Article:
You likely have heard of the replication crisis going on, where past research findings cannot be reproduced by other researchers using the same methods. The issue, typically, lies with p-value, an essential but limited statistic that we use to establish statistical significance. (There are other replication problems than just p-value, but that’s the one that you read about the most.) You can read about p-value here and the replication crisis here.
These problems are often associated with the social sciences in general and the fields of psychology and education specifically. This is largely due to the inherent complexities of human-subject research, which typically involves many variables that researchers cannot control; the inability to perform true control-grouped experimental studies due to practical or ethical limitations; and the relatively high alpha thresholds associated with these fields, typically .05, which are necessary because effects studied in the social sciences are often weak compared to those in the natural or applied sciences.
However, it is important to be clear that the p-value problem exists in all manner of fields, including in some that are among the “hardest” of scientific disciplines. In a 2016 story for Slate, Daniel Engber writes of much cancer research, “much of cancer research in the lab—maybe even most of it—simply can’t be trusted. The data are corrupt. The findings are unstable. The science doesn’t work,” because of p-value and associated problems. In a 2016 article for the Proceedings for the National Academy of Sciences of the United States, Eklund, Nichols, and Knutsson found that inferences drawn from fMRI brain imaging are frequently invalid, sharing concerns voiced in a 2016 eNeuro article by Katherine S. Button about replication problems across the biomedical sciences. A 2016 paper by Erik Turkhemier, an expert in genetic heritability of behavioral traits, discussed the ways that even replicable weak associations between genes and behavior prevent researchers from drawing meaningful conclusions about the relationship between genes and behavior. In a 2014 article for Science, Erik Stokstad expressed concerns that ecology literature was more and more likely to list p-values, but that the actual explained effects were becoming weaker and weaker, and that p-values were not adequately contextualized through reference to other statistics.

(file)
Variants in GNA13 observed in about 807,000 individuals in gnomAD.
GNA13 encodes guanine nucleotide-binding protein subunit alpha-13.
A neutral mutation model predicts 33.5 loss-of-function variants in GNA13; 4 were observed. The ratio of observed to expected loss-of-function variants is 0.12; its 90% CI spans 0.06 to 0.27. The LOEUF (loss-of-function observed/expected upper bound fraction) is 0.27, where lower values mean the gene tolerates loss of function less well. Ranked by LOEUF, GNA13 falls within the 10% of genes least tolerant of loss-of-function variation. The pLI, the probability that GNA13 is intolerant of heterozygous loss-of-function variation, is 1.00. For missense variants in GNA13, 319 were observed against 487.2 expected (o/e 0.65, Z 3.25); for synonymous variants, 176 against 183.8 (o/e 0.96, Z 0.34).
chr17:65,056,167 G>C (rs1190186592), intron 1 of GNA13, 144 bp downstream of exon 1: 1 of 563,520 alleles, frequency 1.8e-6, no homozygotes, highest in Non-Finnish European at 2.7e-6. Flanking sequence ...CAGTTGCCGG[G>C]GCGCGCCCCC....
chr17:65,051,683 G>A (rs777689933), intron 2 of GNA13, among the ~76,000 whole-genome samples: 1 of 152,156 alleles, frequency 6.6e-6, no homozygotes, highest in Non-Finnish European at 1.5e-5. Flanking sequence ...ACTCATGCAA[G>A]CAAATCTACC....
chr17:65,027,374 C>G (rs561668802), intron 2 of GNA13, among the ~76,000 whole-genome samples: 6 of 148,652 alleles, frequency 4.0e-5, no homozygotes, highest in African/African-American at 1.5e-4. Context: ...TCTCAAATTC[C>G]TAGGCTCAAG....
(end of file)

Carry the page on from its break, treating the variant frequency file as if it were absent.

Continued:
Clearly, we can’t reassure ourselves that p-value problems are found only in the “soft” sciences. There is a far broader problem with basic approaches to statistical inference that affect a large number of fields. The implications of this are complex; as I have said and will say again, research nihilism is not the answer. But neither is laughing it off as a problem inherent just to those “soft” sciences. More here.